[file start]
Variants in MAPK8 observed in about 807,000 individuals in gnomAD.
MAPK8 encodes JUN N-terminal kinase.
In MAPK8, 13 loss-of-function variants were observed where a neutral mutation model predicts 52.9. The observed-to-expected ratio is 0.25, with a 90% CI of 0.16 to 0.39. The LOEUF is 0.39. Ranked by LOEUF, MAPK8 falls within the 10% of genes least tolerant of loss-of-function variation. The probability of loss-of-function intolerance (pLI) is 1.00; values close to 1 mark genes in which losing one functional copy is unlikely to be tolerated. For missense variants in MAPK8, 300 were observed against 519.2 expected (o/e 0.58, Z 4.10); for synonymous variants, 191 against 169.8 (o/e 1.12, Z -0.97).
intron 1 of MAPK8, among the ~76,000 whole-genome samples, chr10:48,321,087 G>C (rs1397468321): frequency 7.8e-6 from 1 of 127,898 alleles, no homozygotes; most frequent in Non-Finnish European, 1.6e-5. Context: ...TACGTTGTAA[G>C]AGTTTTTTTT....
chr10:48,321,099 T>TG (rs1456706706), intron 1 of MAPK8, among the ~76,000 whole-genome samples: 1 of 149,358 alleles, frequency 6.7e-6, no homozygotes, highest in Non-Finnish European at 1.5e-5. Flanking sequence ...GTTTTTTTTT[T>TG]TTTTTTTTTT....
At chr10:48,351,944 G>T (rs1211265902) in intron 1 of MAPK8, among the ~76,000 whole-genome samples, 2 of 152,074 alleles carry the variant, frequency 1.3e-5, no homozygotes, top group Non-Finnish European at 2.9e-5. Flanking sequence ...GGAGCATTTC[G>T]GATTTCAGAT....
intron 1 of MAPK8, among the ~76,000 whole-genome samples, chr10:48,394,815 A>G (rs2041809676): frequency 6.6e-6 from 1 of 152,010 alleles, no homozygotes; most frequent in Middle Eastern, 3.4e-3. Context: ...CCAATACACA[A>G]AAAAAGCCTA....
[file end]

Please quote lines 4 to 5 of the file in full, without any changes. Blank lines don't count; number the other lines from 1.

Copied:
intron 1 of MAPK8, among the ~76,000 whole-genome samples, chr10:48,321,087 G>C (rs1397468321): frequency 7.8e-6 from 1 of 127,898 alleles, no homozygotes; most frequent in Non-Finnish European, 1.6e-5. Context: ...TACGTTGTAA[G>C]AGTTTTTTTT....
chr10:48,321,099 T>TG (rs1456706706), intron 1 of MAPK8, among the ~76,000 whole-genome samples: 1 of 149,358 alleles, frequency 6.7e-6, no homozygotes, highest in Non-Finnish European at 1.5e-5. Flanking sequence ...GTTTTTTTTT[T>TG]TTTTTTTTTT....